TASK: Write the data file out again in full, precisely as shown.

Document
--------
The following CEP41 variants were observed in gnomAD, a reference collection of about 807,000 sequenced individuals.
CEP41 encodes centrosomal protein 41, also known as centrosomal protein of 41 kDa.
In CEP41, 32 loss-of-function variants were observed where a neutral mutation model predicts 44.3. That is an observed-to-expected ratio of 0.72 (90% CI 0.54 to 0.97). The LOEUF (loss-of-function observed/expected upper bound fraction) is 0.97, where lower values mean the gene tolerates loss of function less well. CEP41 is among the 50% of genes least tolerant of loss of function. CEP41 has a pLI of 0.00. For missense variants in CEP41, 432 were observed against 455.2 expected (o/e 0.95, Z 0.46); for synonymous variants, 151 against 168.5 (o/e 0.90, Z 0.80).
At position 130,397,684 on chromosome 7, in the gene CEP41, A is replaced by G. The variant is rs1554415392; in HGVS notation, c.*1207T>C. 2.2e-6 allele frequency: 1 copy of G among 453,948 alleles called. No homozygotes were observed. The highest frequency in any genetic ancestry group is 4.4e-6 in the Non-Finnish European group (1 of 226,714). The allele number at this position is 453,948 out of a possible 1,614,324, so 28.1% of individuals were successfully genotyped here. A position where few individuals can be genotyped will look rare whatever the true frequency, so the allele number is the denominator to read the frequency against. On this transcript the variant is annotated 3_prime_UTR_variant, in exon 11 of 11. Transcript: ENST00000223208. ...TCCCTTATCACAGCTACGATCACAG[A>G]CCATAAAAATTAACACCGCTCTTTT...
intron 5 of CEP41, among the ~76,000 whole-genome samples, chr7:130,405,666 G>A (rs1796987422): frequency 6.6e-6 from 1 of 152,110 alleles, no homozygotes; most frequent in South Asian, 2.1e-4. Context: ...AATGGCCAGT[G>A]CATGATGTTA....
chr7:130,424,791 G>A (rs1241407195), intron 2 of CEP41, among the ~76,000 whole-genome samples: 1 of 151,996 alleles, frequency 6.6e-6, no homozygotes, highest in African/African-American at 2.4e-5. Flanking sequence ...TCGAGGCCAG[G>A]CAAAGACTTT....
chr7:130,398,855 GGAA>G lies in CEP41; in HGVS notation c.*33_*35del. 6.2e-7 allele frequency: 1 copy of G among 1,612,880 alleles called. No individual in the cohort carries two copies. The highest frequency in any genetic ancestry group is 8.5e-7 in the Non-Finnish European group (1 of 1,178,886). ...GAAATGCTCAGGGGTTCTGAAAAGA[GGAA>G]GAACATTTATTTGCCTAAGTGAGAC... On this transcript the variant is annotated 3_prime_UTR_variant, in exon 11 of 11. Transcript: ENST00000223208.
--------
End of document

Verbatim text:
The following CEP41 variants were observed in gnomAD, a reference collection of about 807,000 sequenced individuals.
CEP41 encodes centrosomal protein 41, also known as centrosomal protein of 41 kDa.
In CEP41, 32 loss-of-function variants were observed where a neutral mutation model predicts 44.3. That is an observed-to-expected ratio of 0.72 (90% CI 0.54 to 0.97). The LOEUF (loss-of-function observed/expected upper bound fraction) is 0.97, where lower values mean the gene tolerates loss of function less well. CEP41 is among the 50% of genes least tolerant of loss of function. CEP41 has a pLI of 0.00. For missense variants in CEP41, 432 were observed against 455.2 expected (o/e 0.95, Z 0.46); for synonymous variants, 151 against 168.5 (o/e 0.90, Z 0.80).
At position 130,397,684 on chromosome 7, in the gene CEP41, A is replaced by G. The variant is rs1554415392; in HGVS notation, c.*1207T>C. 2.2e-6 allele frequency: 1 copy of G among 453,948 alleles called. No homozygotes were observed. The highest frequency in any genetic ancestry group is 4.4e-6 in the Non-Finnish European group (1 of 226,714). The allele number at this position is 453,948 out of a possible 1,614,324, so 28.1% of individuals were successfully genotyped here. A position where few individuals can be genotyped will look rare whatever the true frequency, so the allele number is the denominator to read the frequency against. On this transcript the variant is annotated 3_prime_UTR_variant, in exon 11 of 11. Transcript: ENST00000223208. ...TCCCTTATCACAGCTACGATCACAG[A>G]CCATAAAAATTAACACCGCTCTTTT...
intron 5 of CEP41, among the ~76,000 whole-genome samples, chr7:130,405,666 G>A (rs1796987422): frequency 6.6e-6 from 1 of 152,110 alleles, no homozygotes; most frequent in South Asian, 2.1e-4. Context: ...AATGGCCAGT[G>A]CATGATGTTA....
chr7:130,424,791 G>A (rs1241407195), intron 2 of CEP41, among the ~76,000 whole-genome samples: 1 of 151,996 alleles, frequency 6.6e-6, no homozygotes, highest in African/African-American at 2.4e-5. Flanking sequence ...TCGAGGCCAG[G>A]CAAAGACTTT....
chr7:130,398,855 GGAA>G lies in CEP41; in HGVS notation c.*33_*35del. 6.2e-7 allele frequency: 1 copy of G among 1,612,880 alleles called. No individual in the cohort carries two copies. The highest frequency in any genetic ancestry group is 8.5e-7 in the Non-Finnish European group (1 of 1,178,886). ...GAAATGCTCAGGGGTTCTGAAAAGA[GGAA>G]GAACATTTATTTGCCTAAGTGAGAC... On this transcript the variant is annotated 3_prime_UTR_variant, in exon 11 of 11. Transcript: ENST00000223208.